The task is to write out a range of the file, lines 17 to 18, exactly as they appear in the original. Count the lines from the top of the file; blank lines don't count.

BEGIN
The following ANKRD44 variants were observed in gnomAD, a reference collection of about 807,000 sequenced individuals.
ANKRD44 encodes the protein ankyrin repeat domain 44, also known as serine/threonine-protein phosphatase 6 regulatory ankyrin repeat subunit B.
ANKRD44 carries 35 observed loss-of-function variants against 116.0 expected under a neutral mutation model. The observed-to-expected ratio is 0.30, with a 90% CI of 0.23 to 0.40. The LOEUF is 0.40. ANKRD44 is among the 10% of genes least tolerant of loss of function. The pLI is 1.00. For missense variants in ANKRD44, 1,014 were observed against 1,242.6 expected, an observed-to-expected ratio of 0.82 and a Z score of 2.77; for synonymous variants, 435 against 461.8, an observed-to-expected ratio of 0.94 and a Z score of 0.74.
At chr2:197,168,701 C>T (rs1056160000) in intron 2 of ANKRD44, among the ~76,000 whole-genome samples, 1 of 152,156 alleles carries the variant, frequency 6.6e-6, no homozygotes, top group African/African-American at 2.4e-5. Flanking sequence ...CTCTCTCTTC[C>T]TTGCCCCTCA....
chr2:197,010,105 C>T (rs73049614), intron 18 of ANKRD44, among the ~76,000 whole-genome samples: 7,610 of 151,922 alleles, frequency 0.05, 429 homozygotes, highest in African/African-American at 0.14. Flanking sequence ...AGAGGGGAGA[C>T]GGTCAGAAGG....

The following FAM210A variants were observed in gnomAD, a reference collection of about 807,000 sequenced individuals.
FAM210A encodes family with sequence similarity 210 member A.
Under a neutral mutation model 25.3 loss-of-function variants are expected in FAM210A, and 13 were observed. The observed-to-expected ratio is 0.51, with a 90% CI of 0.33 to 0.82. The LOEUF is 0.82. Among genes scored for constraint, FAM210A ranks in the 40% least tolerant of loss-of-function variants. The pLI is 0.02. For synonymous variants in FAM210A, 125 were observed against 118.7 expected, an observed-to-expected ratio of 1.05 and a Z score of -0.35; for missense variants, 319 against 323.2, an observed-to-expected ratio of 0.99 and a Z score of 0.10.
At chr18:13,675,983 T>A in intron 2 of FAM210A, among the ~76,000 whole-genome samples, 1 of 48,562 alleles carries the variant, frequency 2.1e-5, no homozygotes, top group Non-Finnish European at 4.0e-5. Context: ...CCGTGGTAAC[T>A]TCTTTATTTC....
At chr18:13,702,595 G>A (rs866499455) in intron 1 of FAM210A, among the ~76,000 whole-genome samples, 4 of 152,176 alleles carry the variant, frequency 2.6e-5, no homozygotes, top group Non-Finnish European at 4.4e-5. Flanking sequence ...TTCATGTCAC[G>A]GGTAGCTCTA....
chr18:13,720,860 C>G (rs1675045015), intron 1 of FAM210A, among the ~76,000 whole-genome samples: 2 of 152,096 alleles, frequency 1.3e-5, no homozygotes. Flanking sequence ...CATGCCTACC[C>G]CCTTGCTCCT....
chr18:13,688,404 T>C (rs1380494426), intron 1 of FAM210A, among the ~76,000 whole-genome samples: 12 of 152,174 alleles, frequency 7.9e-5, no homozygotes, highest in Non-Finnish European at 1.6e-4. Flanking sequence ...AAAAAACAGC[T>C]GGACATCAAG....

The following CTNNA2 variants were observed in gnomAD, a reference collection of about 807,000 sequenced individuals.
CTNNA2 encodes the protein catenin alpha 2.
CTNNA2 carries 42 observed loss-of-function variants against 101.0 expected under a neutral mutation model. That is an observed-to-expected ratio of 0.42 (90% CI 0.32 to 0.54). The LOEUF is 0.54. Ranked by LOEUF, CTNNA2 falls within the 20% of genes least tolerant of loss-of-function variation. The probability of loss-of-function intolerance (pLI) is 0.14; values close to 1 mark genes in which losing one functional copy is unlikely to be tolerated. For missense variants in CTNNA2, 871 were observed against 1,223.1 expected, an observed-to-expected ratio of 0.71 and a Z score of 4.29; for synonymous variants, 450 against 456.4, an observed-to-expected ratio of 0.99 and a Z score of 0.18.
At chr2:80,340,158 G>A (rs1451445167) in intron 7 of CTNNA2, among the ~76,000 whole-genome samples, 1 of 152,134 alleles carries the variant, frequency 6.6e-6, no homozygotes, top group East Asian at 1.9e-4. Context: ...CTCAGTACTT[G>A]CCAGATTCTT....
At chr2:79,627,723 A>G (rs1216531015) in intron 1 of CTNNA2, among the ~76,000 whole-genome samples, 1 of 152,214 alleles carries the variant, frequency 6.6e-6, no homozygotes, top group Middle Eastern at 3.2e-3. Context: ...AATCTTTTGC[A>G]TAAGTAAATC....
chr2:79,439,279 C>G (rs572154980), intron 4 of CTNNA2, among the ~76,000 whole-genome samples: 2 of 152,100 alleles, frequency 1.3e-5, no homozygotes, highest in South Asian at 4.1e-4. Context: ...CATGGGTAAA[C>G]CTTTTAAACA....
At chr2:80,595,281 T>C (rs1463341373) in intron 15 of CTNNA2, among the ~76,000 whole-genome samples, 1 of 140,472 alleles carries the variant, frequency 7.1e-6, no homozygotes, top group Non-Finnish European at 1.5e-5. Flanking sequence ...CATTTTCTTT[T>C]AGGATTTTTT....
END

At chr2:79,627,723 A>G (rs1216531015) in intron 1 of CTNNA2, among the ~76,000 whole-genome samples, 1 of 152,214 alleles carries the variant, frequency 6.6e-6, no homozygotes, top group Middle Eastern at 3.2e-3. Context: ...AATCTTTTGC[A>G]TAAGTAAATC....
chr2:79,439,279 C>G (rs572154980), intron 4 of CTNNA2, among the ~76,000 whole-genome samples: 2 of 152,100 alleles, frequency 1.3e-5, no homozygotes, highest in South Asian at 4.1e-4. Context: ...CATGGGTAAA[C>G]CTTTTAAACA....